Tobacco will make smoke in a healthier way than usual now that Boeing is collaborating with South African Airways to make jet fuel out of tobacco. This plant, termed solaris, is nicotine-free. Test farming has commenced in South Africa and production is expected to begin in October 2015.
At first, Boeing will make jet fuel out of tobacco by using the oil of the plant’s seeds, but the company hopes that as technology improves, the rest of the plant will also be used. This will reduce carbon emissions in what is the most advanced economy in Africa and also bolster rural areas economically. Production will be undertaken by the Dutch alternative jet fuel maker, SkyNRG.
It will be highly welcome to make jet fuel from tobacco in those regions where tobacco is cultivated: Africa, Asia, southern and central Europe, Latin America and Oceania. For biofuel to be economical, it should be locally-grown to reduce transportation costs – in terms of both money and carbon.
This venture has overcome concern that biofuels would damage South African food security and affect food prices, because biofuels compete for land and water. The tobacco will be grown on farms with small plots of land and South Africa intends to reduce smoking.
More than 1,500 biofuel-powered flights have been conducted by airlines since the fuel was approved in 2011. The first was from Amsterdam to Paris by the Dutch airline, KLM, using a 50/50 mix of traditional and biofuel on a Boeing 737-800. Boeing is performing research in the Middle East into the manufacture of biofuel from desert plants fed by seawater.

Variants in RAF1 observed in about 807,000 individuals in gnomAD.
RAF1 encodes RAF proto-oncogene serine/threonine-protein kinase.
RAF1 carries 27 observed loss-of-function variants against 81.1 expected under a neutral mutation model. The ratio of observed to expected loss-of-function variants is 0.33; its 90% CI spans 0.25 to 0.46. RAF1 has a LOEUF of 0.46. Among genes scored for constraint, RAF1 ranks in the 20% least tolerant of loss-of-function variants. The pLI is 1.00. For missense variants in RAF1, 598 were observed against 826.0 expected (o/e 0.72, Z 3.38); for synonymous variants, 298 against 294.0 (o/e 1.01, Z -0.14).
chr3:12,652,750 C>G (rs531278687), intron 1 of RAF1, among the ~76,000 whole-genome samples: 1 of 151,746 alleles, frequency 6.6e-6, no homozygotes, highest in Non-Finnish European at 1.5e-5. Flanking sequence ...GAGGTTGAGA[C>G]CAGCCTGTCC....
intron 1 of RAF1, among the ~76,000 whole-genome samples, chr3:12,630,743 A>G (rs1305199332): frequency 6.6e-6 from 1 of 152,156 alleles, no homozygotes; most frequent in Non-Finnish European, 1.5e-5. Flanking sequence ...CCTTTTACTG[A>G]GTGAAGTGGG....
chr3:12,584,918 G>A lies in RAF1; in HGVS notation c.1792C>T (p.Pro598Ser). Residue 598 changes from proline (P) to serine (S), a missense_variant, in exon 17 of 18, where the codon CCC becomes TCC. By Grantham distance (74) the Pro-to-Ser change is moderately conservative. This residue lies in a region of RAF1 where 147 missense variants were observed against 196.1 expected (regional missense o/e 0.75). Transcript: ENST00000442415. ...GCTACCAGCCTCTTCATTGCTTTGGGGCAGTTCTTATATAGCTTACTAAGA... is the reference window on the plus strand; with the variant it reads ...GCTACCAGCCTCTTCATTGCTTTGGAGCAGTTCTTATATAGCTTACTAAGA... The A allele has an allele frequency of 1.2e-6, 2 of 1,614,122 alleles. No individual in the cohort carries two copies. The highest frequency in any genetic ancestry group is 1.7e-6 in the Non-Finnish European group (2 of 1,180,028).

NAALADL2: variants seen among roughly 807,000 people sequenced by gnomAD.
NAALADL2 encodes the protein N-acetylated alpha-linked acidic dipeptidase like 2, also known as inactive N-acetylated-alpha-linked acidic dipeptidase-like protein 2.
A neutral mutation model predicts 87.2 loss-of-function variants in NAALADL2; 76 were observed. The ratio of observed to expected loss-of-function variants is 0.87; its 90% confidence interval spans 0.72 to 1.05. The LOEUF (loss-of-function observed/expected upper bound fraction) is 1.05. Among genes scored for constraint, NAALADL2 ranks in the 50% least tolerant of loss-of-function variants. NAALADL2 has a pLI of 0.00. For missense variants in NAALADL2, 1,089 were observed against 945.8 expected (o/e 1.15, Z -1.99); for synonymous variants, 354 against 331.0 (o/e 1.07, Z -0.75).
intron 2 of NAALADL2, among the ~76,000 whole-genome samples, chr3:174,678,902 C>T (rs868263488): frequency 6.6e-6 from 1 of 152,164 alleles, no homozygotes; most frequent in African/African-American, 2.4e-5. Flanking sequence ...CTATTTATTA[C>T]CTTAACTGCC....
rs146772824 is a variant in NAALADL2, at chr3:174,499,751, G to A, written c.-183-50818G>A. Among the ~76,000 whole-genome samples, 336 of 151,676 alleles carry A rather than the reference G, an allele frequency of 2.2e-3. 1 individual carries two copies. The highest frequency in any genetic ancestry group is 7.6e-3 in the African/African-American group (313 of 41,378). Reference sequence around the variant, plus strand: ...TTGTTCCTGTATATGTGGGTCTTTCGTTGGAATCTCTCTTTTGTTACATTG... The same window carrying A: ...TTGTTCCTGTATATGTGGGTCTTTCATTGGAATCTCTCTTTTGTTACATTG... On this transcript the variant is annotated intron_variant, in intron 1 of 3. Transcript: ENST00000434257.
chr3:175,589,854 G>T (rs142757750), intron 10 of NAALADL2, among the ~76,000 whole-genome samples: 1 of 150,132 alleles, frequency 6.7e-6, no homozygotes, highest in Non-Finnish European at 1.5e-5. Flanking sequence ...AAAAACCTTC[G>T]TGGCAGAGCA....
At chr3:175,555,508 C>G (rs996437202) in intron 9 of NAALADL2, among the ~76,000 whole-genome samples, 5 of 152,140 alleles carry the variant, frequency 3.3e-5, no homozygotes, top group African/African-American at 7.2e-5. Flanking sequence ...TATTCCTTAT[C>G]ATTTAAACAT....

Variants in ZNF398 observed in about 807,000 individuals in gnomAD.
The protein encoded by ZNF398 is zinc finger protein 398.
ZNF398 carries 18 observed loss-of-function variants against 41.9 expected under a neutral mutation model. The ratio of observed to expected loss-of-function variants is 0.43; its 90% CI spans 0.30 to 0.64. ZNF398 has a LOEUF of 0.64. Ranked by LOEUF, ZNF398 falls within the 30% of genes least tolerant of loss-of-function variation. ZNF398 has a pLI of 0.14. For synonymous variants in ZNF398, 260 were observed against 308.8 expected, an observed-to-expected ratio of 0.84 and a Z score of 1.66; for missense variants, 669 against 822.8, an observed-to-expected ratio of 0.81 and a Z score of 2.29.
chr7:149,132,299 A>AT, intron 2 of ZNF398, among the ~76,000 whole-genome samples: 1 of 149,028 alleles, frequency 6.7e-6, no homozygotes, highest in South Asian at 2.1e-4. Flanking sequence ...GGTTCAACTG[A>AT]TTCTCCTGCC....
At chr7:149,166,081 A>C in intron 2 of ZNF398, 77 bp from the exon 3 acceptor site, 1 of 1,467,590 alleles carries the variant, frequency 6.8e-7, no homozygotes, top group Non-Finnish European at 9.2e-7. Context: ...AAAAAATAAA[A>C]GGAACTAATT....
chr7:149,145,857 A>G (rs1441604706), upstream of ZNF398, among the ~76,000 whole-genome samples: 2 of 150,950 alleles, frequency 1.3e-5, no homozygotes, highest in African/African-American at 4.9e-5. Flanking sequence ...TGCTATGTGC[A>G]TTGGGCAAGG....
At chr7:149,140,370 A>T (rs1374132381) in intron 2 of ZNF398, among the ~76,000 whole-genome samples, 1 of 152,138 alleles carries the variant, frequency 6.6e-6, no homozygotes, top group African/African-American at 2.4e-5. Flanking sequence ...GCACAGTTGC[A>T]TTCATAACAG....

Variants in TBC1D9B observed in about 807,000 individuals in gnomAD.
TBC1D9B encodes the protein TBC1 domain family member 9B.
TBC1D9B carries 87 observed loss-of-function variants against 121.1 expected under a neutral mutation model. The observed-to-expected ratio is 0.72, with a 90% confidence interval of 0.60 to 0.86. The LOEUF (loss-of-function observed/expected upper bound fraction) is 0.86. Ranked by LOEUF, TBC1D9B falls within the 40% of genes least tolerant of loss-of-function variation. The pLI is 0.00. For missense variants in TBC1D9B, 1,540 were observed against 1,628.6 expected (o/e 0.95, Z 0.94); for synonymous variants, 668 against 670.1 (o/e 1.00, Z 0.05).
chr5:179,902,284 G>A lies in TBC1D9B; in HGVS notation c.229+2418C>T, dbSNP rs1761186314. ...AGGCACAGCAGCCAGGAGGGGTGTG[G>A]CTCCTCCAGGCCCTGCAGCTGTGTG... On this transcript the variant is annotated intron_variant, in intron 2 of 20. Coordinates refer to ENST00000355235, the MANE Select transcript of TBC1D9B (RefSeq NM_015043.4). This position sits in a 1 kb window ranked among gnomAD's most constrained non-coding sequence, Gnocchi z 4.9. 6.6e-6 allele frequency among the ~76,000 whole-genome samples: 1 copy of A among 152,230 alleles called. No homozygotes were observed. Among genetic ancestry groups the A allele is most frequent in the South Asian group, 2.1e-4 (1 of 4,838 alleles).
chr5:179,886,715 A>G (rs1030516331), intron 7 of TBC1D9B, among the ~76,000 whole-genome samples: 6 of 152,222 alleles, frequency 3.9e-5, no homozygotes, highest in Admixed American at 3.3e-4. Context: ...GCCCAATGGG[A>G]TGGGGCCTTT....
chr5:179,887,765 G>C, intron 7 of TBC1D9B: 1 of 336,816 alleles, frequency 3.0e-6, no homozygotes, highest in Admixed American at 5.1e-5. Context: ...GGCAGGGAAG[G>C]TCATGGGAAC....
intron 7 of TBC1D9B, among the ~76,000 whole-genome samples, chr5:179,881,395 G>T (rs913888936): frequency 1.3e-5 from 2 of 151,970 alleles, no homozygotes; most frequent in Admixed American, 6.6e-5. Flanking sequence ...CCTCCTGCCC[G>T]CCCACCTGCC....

Presently, airlines represent around two percent of man-made carbon dioxide emissions. The International Air Transport Association, representing more than 240 carriers, estimated that biofuels could reduce the carbon footprint of the industry by 80 percent. Fuel is the principal expense of airlines – 33 percent of the total. Boeing’s airliners have become steadily more fuel-efficient. If companies were to make jet fuel out of tobacco, this could worsen the situation, as biofuels are more expensive than traditional jet fuel. Boeing is the leading developer of sustainable aviation fuel. Boeing spokeswoman, Jessica Kowal, argued that “The way that you reduce cost is you expand supply.”
Timothy Chilman used to work in IT. Once, in Sydney, he was turned down for a job because he was “too flamboyant” (“Someone who wears green tartan suspenders to a job interview probably isn’t going to fit in here”). Timothy then became an English teacher. University students in Bangkok complained that he was “too enthusiastic” and company students in Prague complained that he was “too theatrical.”